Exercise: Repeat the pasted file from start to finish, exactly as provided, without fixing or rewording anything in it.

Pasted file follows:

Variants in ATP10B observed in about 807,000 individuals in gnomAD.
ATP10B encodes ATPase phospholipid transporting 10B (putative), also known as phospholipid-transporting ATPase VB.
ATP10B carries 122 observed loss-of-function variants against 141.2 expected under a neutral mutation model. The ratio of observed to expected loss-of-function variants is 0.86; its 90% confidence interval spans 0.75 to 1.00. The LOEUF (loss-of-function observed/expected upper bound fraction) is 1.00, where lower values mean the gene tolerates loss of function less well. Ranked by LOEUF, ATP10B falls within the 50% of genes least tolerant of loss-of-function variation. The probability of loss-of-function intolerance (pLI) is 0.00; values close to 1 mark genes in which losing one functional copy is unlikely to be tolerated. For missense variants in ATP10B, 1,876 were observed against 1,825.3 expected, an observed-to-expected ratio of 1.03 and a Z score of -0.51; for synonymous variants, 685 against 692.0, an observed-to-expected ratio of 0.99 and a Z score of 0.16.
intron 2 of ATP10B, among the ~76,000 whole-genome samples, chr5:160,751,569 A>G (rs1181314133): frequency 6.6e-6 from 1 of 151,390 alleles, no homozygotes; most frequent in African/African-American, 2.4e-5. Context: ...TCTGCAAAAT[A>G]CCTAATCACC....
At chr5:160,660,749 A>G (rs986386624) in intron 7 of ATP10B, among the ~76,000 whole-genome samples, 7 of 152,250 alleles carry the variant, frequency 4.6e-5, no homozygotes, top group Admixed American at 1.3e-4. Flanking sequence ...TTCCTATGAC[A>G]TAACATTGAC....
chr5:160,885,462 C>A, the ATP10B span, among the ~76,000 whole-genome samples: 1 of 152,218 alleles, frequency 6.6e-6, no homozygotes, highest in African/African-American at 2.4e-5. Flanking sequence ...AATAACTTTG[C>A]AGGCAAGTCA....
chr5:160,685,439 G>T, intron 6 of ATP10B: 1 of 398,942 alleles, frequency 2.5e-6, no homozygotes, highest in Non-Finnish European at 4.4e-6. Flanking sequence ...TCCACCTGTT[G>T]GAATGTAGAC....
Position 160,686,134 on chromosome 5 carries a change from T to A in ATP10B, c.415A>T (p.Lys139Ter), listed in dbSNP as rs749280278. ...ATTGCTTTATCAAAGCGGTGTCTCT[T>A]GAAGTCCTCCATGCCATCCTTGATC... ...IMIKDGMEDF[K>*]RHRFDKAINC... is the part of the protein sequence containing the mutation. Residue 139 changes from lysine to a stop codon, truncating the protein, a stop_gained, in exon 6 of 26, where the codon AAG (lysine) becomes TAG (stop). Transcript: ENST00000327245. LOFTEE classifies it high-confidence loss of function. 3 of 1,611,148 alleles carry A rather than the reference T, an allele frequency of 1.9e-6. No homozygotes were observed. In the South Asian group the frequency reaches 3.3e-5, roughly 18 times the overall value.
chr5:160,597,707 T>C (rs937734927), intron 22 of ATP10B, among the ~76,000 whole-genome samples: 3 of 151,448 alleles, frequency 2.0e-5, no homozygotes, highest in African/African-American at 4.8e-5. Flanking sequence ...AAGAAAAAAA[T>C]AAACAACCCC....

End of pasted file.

Variants in ATP10B observed in about 807,000 individuals in gnomAD.
ATP10B encodes ATPase phospholipid transporting 10B (putative), also known as phospholipid-transporting ATPase VB.
ATP10B carries 122 observed loss-of-function variants against 141.2 expected under a neutral mutation model. The ratio of observed to expected loss-of-function variants is 0.86; its 90% confidence interval spans 0.75 to 1.00. The LOEUF (loss-of-function observed/expected upper bound fraction) is 1.00, where lower values mean the gene tolerates loss of function less well. Ranked by LOEUF, ATP10B falls within the 50% of genes least tolerant of loss-of-function variation. The probability of loss-of-function intolerance (pLI) is 0.00; values close to 1 mark genes in which losing one functional copy is unlikely to be tolerated. For missense variants in ATP10B, 1,876 were observed against 1,825.3 expected, an observed-to-expected ratio of 1.03 and a Z score of -0.51; for synonymous variants, 685 against 692.0, an observed-to-expected ratio of 0.99 and a Z score of 0.16.
intron 2 of ATP10B, among the ~76,000 whole-genome samples, chr5:160,751,569 A>G (rs1181314133): frequency 6.6e-6 from 1 of 151,390 alleles, no homozygotes; most frequent in African/African-American, 2.4e-5. Context: ...TCTGCAAAAT[A>G]CCTAATCACC....
At chr5:160,660,749 A>G (rs986386624) in intron 7 of ATP10B, among the ~76,000 whole-genome samples, 7 of 152,250 alleles carry the variant, frequency 4.6e-5, no homozygotes, top group Admixed American at 1.3e-4. Flanking sequence ...TTCCTATGAC[A>G]TAACATTGAC....
chr5:160,885,462 C>A, the ATP10B span, among the ~76,000 whole-genome samples: 1 of 152,218 alleles, frequency 6.6e-6, no homozygotes, highest in African/African-American at 2.4e-5. Flanking sequence ...AATAACTTTG[C>A]AGGCAAGTCA....
chr5:160,685,439 G>T, intron 6 of ATP10B: 1 of 398,942 alleles, frequency 2.5e-6, no homozygotes, highest in Non-Finnish European at 4.4e-6. Flanking sequence ...TCCACCTGTT[G>T]GAATGTAGAC....
Position 160,686,134 on chromosome 5 carries a change from T to A in ATP10B, c.415A>T (p.Lys139Ter), listed in dbSNP as rs749280278. ...ATTGCTTTATCAAAGCGGTGTCTCT[T>A]GAAGTCCTCCATGCCATCCTTGATC... ...IMIKDGMEDF[K>*]RHRFDKAINC... is the part of the protein sequence containing the mutation. Residue 139 changes from lysine to a stop codon, truncating the protein, a stop_gained, in exon 6 of 26, where the codon AAG (lysine) becomes TAG (stop). Transcript: ENST00000327245. LOFTEE classifies it high-confidence loss of function. 3 of 1,611,148 alleles carry A rather than the reference T, an allele frequency of 1.9e-6. No homozygotes were observed. In the South Asian group the frequency reaches 3.3e-5, roughly 18 times the overall value.
chr5:160,597,707 T>C (rs937734927), intron 22 of ATP10B, among the ~76,000 whole-genome samples: 3 of 151,448 alleles, frequency 2.0e-5, no homozygotes, highest in African/African-American at 4.8e-5. Flanking sequence ...AAGAAAAAAA[T>C]AAACAACCCC....